Featured on the back cover of Puck magazine, this cartoon entitled "The Pasteur Boom—High Times for Hydrophobists" mocks those who traveled to France to receive Louis Pasteur's (1822-1895) new vaccine for the rabies virus. The illustration depicts incapacitated crowds wearing bandages and slings lining up for "Pasteur excursions at reduced rates" with a ship docked next to signs reading "French steamers" and "French line." Left inset illustration depicts a police officer aiming a gun at a dog with the upper right illustration showing two men meeting with the caption "Been hit yet?" The lower right inset shows a woman holding a dog with people fleeing past her. The caption reads "an epidemic of politeness."
In 1885, a dog tore through a crowded street in Newark, New Jersey, attacking six young children. Fearing the worst, the children’s physician, Dr. William O’Gorman, sent a telegram to Louis Pasteur who replied, “send the children immediately.” Six months earlier, Pasteur had successfully administered a rabies inoculation to another child bitten by a rabid dog. Although he did not know the agent that caused rabies (a virus), Pasteur developed a process for transmitting and attenuating the disease in the spinal cords of rabbits. Four of the children traveled to Paris for treatment. Daily media coverage and satire helped spread excitement and faith in the promise of a new era of scientific cures.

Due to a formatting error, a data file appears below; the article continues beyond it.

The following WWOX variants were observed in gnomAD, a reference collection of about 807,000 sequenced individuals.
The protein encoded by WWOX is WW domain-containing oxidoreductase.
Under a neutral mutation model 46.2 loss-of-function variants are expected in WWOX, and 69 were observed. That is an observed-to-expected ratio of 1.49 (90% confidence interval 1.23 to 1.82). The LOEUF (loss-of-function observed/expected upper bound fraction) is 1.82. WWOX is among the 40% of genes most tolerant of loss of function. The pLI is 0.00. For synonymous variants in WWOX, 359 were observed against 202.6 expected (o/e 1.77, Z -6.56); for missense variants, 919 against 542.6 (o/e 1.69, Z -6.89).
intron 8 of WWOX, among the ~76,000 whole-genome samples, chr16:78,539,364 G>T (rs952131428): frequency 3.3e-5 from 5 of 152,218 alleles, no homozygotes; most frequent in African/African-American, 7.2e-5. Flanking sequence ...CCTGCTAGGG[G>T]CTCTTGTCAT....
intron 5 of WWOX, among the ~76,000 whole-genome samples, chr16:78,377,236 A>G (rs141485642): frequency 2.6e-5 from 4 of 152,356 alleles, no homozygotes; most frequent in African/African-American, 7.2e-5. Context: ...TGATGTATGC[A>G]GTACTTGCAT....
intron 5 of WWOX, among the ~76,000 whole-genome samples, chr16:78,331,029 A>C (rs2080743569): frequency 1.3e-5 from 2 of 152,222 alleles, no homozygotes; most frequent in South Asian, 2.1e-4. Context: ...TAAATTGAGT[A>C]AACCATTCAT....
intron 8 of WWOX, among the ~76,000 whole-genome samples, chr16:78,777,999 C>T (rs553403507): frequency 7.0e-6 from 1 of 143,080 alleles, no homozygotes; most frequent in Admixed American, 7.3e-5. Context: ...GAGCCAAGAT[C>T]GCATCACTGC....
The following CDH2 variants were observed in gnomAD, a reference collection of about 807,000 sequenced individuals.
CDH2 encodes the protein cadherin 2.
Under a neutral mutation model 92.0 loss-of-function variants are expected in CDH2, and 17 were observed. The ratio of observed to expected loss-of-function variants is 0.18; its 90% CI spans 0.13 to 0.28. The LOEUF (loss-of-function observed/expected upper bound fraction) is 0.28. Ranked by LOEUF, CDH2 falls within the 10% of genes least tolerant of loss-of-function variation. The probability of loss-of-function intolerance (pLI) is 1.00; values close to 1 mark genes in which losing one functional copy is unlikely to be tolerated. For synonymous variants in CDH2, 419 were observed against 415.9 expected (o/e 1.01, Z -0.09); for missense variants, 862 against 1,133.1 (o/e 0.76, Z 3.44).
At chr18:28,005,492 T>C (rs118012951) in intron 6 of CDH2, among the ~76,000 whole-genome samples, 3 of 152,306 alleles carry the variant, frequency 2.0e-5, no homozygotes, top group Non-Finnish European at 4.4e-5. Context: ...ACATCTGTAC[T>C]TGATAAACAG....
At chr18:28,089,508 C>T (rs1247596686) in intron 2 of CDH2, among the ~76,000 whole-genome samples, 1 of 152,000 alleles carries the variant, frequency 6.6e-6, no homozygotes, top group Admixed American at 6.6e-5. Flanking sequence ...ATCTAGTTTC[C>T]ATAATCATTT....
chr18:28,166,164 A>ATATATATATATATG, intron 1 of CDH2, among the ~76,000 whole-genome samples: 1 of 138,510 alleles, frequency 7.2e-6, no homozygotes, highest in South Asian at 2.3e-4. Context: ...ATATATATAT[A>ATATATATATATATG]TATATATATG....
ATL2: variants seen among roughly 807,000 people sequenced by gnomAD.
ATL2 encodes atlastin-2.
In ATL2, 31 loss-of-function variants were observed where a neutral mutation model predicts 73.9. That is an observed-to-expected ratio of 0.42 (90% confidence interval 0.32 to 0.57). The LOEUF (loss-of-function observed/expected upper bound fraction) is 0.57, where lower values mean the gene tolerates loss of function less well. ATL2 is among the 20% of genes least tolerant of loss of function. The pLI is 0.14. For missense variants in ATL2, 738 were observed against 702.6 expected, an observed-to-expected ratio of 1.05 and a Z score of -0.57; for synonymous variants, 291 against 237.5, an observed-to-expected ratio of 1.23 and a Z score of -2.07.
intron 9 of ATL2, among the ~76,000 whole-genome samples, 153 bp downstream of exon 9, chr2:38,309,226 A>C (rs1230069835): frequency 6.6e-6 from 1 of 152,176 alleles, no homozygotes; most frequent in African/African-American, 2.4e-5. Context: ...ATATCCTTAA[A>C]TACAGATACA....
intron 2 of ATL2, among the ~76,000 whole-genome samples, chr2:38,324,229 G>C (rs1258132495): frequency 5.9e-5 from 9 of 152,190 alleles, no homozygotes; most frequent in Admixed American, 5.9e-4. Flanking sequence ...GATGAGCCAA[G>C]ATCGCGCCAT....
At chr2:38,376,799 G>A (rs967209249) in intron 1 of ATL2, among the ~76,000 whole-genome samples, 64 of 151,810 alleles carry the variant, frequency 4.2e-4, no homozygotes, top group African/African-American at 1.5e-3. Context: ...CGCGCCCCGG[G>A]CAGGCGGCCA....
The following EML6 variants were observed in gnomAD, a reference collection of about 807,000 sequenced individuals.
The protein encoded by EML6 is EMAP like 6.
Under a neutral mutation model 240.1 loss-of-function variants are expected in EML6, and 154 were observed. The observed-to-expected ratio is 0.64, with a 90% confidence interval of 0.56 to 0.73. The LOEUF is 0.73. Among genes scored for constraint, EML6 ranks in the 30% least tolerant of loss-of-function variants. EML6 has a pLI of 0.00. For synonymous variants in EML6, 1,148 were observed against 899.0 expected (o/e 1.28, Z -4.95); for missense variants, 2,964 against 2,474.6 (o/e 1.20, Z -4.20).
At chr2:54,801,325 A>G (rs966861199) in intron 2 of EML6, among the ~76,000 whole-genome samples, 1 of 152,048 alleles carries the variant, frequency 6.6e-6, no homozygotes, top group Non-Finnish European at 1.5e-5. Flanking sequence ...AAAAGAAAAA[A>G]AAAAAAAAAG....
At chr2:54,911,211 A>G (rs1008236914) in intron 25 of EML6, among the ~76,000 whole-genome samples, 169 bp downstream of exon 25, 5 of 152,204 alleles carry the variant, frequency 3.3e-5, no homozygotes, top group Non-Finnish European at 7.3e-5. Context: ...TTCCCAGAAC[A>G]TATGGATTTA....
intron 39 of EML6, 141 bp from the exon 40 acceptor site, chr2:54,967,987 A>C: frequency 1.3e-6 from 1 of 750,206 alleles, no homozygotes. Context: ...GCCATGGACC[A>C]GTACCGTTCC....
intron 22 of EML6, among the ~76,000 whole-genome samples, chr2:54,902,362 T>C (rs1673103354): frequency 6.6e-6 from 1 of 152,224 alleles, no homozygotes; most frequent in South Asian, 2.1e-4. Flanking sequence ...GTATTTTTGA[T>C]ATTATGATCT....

|Place of publication|
|Original file type||TIFF|
|Rights||Public Domain Mark 1.0|
“The Pasteur Boom—High Times for Hydrophobists.” New York, New York: Merkel Mayer, December 23, 1885. Fisher-Pasteur Memorial Collection. Science History Institute. Philadelphia. https://digital.sciencehistory.org/works/x0sn5hu.
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